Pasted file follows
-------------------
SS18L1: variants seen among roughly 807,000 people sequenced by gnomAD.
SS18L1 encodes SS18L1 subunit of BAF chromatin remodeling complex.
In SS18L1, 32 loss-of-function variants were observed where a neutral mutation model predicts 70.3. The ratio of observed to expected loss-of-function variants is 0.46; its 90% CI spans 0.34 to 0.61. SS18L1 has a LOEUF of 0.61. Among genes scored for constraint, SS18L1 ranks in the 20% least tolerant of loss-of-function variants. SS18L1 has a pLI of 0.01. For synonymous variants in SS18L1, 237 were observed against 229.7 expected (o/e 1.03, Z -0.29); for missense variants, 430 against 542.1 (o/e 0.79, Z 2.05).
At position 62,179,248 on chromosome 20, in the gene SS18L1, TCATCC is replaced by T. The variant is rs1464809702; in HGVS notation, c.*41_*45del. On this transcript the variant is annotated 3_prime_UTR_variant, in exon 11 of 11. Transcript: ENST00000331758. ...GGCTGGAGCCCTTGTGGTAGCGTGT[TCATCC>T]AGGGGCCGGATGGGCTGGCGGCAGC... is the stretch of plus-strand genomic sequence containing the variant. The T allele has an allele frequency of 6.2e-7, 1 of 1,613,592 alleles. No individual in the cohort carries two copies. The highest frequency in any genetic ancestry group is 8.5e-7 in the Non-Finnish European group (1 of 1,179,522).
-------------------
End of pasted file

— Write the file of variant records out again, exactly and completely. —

SS18L1: variants seen among roughly 807,000 people sequenced by gnomAD.
SS18L1 encodes SS18L1 subunit of BAF chromatin remodeling complex.
In SS18L1, 32 loss-of-function variants were observed where a neutral mutation model predicts 70.3. The ratio of observed to expected loss-of-function variants is 0.46; its 90% CI spans 0.34 to 0.61. SS18L1 has a LOEUF of 0.61. Among genes scored for constraint, SS18L1 ranks in the 20% least tolerant of loss-of-function variants. SS18L1 has a pLI of 0.01. For synonymous variants in SS18L1, 237 were observed against 229.7 expected (o/e 1.03, Z -0.29); for missense variants, 430 against 542.1 (o/e 0.79, Z 2.05).
At position 62,179,248 on chromosome 20, in the gene SS18L1, TCATCC is replaced by T. The variant is rs1464809702; in HGVS notation, c.*41_*45del. On this transcript the variant is annotated 3_prime_UTR_variant, in exon 11 of 11. Transcript: ENST00000331758. ...GGCTGGAGCCCTTGTGGTAGCGTGT[TCATCC>T]AGGGGCCGGATGGGCTGGCGGCAGC... is the stretch of plus-strand genomic sequence containing the variant. The T allele has an allele frequency of 6.2e-7, 1 of 1,613,592 alleles. No individual in the cohort carries two copies. The highest frequency in any genetic ancestry group is 8.5e-7 in the Non-Finnish European group (1 of 1,179,522).